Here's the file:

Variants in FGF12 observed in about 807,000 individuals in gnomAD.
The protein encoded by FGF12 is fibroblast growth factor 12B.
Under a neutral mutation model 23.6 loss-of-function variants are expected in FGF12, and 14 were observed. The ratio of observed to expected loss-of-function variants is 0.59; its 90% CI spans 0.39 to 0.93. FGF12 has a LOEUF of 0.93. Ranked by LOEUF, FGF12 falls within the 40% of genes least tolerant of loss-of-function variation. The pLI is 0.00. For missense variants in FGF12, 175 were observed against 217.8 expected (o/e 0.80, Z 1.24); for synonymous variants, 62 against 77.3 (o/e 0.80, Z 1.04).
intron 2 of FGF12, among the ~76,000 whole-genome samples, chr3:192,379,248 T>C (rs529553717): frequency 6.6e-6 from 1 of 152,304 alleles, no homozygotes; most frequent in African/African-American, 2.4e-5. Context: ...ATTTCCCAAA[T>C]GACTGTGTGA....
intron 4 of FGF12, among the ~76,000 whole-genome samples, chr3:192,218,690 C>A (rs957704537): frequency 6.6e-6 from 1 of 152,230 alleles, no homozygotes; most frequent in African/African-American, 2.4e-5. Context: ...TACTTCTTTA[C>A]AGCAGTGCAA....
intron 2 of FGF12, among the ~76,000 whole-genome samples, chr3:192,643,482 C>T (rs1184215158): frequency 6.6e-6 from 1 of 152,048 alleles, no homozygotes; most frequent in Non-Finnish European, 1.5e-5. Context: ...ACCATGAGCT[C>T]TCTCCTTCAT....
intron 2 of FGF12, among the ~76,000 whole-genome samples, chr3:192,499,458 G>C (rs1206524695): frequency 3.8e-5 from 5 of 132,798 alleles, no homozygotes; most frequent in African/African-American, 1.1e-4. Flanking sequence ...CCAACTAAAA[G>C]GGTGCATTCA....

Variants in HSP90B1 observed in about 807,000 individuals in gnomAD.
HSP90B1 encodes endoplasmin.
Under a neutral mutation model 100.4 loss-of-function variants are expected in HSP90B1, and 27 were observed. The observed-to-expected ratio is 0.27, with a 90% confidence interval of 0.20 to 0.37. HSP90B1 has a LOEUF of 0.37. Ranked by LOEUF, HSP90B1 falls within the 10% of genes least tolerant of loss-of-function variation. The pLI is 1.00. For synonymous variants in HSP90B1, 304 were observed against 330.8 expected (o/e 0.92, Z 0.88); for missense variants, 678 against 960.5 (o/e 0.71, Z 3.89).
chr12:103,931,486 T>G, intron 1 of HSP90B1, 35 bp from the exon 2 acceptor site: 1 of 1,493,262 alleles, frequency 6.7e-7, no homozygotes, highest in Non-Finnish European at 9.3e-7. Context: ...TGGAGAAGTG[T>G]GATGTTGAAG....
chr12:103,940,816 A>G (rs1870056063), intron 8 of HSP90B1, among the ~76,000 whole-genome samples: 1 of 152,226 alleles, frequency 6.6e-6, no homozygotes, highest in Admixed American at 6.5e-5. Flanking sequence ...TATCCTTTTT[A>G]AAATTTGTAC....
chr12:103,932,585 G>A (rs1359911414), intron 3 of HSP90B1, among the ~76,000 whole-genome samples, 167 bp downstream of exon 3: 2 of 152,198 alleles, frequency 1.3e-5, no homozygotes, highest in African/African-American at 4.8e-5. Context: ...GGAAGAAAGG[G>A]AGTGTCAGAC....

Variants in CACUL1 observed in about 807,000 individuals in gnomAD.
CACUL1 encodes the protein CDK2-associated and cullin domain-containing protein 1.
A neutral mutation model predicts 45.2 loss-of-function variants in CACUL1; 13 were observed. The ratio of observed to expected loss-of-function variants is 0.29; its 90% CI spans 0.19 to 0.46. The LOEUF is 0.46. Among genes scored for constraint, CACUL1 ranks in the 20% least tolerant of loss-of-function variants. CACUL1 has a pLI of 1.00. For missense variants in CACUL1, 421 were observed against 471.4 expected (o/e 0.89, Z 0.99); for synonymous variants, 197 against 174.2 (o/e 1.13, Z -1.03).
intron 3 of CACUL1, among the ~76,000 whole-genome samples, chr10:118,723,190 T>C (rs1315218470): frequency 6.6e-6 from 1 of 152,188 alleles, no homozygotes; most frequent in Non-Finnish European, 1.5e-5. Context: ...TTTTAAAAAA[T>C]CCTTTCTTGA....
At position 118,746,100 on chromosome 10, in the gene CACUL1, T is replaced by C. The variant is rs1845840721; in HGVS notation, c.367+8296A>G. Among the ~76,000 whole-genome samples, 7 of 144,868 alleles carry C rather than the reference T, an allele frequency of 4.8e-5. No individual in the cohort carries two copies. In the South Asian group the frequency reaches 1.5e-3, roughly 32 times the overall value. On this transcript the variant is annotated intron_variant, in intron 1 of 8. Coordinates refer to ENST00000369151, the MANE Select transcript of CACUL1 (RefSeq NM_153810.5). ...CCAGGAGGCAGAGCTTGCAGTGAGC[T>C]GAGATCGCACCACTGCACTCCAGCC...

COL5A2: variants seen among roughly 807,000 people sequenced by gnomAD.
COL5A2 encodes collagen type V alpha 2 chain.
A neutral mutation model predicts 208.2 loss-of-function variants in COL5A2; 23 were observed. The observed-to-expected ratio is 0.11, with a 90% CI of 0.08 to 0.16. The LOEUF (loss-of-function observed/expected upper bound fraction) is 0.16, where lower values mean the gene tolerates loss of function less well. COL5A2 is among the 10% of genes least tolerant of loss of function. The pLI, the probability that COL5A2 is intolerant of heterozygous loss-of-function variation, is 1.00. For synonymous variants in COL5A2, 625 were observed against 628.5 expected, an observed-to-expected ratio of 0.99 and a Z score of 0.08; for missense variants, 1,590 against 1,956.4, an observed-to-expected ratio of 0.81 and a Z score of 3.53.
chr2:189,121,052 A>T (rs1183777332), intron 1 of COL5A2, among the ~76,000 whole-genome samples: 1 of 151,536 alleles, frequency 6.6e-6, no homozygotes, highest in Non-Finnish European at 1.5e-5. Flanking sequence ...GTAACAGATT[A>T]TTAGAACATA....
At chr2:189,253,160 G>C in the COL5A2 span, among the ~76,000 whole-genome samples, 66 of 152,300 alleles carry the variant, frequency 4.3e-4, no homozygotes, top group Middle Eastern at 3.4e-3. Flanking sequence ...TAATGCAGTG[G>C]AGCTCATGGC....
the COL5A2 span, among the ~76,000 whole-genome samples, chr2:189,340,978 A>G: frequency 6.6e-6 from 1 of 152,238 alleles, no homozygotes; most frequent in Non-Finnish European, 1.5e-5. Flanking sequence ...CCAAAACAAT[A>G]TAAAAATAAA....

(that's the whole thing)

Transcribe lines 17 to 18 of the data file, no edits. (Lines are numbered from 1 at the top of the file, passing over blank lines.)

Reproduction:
intron 3 of CACUL1, among the ~76,000 whole-genome samples, chr10:118,723,190 T>C (rs1315218470): frequency 6.6e-6 from 1 of 152,188 alleles, no homozygotes; most frequent in Non-Finnish European, 1.5e-5. Context: ...TTTTAAAAAA[T>C]CCTTTCTTGA....
At position 118,746,100 on chromosome 10, in the gene CACUL1, T is replaced by C. The variant is rs1845840721; in HGVS notation, c.367+8296A>G. Among the ~76,000 whole-genome samples, 7 of 144,868 alleles carry C rather than the reference T, an allele frequency of 4.8e-5. No individual in the cohort carries two copies. In the South Asian group the frequency reaches 1.5e-3, roughly 32 times the overall value. On this transcript the variant is annotated intron_variant, in intron 1 of 8. Coordinates refer to ENST00000369151, the MANE Select transcript of CACUL1 (RefSeq NM_153810.5). ...CCAGGAGGCAGAGCTTGCAGTGAGC[T>C]GAGATCGCACCACTGCACTCCAGCC...